There is no sign the Government will tighten quarantine controls for those arriving at the border, in response to calls from the Opposition to quarantine and test everyone.
Police have admitted they have not been able to carry out the expected level of checking on people sent home to self-isolate; if they arrive in New Zealand with no COVID-19 symptoms and have a plan for self-isolation.
Those with symptoms or with no plan are put into quarantine, or closely supervised self-isolation in a hotel.
At present there are about 4000 recent arrivals self isolating, but Opposition MPs say there is no way of knowing if they are sticking to the rules.
Outgoing Police Commissioner Mike Bush said initially police could not get the information out to frontline officers, and they were not able to visit each arrival within three days.
Now they have a phone tracking system, but that only works if the person gives their consent; police are following up directly with those who refuse permission.
That had enabled police to get in touch with "almost all" of those in this group in the last 24 hours.
People receive a text asking for consent to be contacted, and are then asked to click on a hyperlink to share their location.
Since Tuesday, police said 6250 text messages had been sent to returning travellers "who consented to being contacted" - but only about half, 3000, had responded.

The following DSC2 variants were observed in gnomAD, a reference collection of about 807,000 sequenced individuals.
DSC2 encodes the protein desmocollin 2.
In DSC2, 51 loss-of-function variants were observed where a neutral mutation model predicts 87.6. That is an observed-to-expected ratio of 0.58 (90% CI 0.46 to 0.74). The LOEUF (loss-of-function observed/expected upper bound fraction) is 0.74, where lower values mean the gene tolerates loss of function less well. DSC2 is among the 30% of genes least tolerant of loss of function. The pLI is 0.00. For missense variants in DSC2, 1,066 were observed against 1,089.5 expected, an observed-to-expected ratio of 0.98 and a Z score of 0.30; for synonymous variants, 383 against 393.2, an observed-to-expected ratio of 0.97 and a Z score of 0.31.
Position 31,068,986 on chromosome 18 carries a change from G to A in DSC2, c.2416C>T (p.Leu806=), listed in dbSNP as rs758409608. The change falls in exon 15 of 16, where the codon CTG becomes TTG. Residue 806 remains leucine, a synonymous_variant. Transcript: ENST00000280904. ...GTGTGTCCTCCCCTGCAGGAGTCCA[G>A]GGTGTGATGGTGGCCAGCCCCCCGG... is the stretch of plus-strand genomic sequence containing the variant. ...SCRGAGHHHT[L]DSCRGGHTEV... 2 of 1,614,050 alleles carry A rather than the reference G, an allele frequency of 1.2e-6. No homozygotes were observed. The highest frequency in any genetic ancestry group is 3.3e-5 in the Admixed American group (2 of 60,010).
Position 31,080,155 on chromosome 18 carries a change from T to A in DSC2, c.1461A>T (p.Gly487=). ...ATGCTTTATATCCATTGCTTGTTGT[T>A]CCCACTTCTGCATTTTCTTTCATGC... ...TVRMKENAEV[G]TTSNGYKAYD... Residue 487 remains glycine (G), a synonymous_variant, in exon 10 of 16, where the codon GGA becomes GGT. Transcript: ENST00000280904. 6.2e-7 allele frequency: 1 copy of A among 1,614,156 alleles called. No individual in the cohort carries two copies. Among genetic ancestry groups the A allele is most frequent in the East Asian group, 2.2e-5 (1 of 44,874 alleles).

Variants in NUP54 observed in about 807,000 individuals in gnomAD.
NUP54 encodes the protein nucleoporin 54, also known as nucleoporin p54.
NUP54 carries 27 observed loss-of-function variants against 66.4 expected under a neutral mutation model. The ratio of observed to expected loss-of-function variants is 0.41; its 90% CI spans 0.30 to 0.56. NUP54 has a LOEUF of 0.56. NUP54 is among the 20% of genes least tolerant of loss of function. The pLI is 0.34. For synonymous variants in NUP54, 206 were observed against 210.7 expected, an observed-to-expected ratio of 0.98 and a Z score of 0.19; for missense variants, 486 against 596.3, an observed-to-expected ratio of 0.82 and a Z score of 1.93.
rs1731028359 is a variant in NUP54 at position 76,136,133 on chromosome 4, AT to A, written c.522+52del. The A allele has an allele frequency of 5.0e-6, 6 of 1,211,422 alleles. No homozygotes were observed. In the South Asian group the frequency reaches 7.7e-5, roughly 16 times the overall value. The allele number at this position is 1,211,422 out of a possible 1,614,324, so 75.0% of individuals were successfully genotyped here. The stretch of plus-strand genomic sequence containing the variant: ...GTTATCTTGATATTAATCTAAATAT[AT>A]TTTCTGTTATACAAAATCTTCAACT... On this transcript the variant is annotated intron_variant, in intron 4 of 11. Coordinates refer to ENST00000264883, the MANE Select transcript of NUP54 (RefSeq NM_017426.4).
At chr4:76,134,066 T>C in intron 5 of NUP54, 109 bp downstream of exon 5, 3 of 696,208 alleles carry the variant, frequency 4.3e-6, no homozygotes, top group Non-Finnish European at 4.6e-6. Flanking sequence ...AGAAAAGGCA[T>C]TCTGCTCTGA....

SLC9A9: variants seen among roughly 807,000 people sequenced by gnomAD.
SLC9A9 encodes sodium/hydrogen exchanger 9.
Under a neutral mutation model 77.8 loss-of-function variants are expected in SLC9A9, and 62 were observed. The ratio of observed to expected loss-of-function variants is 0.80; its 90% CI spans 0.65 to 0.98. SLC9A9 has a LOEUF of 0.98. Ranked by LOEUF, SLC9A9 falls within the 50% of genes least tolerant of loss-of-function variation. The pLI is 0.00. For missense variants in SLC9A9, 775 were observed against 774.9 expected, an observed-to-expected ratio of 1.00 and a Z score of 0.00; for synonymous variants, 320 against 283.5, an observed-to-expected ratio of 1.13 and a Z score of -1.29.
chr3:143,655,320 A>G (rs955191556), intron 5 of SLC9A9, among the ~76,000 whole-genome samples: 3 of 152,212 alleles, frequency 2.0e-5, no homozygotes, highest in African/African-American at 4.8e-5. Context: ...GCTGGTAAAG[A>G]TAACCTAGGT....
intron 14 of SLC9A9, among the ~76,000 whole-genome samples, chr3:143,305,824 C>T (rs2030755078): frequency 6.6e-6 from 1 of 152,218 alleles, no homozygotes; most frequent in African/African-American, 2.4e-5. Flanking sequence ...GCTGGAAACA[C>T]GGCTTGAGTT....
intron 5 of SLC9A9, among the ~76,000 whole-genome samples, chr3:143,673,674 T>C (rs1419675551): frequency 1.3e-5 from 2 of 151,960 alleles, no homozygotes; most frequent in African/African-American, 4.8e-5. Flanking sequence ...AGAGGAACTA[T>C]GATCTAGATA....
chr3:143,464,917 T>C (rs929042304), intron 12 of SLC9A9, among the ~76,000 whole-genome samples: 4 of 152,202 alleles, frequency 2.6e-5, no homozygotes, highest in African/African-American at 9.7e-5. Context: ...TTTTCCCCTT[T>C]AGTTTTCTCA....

National Party leader Simon Bridges said these revelations showed New Zealand needed an "enforced quarantine" for those entering the country.
"For weeks our borders have been porous, with no thermal testing being undertaken and the self-isolation of New Zealanders not being policed well enough," he said.
"That has to stop."
Effective quarantining had been "the foundation of other countries' successful responses," Bridges said.
"Here in New Zealand we've been waving people through and trusting them to self-isolate."
There were now "serious questions" about how the lockdown was being policed, he said.
"New Zealanders are sacrificing a lot right now, the key agencies involved in the response need to ensure they aren't leaving the barn door wide open."
Prime Minister Jacinda Ardern said there were other high-risk groups self-isolating, for example those who had close contact with positive cases, but there was a level of trust.
There was a risk assessment at the border, she said, with more than 1000 people either under quarantine, or Government supervised self-isolation in hotels.
"But if for instance someone has a private vehicle, a home to go to, they're isolating just with the person they travelled with and they live 20 minutes from an airport - yes, they go home, we check on them, if we don't hear back the police go and knock on their door."
She said if it was matter of resources, police and health officials would still have to monitor those people - whether they were at home or in Government-provided accommodation.
"No matter what way you look at it, what we're making sure is that we're channelling that resource into our highest risk individuals."
Ardern noted the number of New Zealanders arriving back from overseas was dwindling each day, and the Government remained ready to adjust any settings if and when necessary.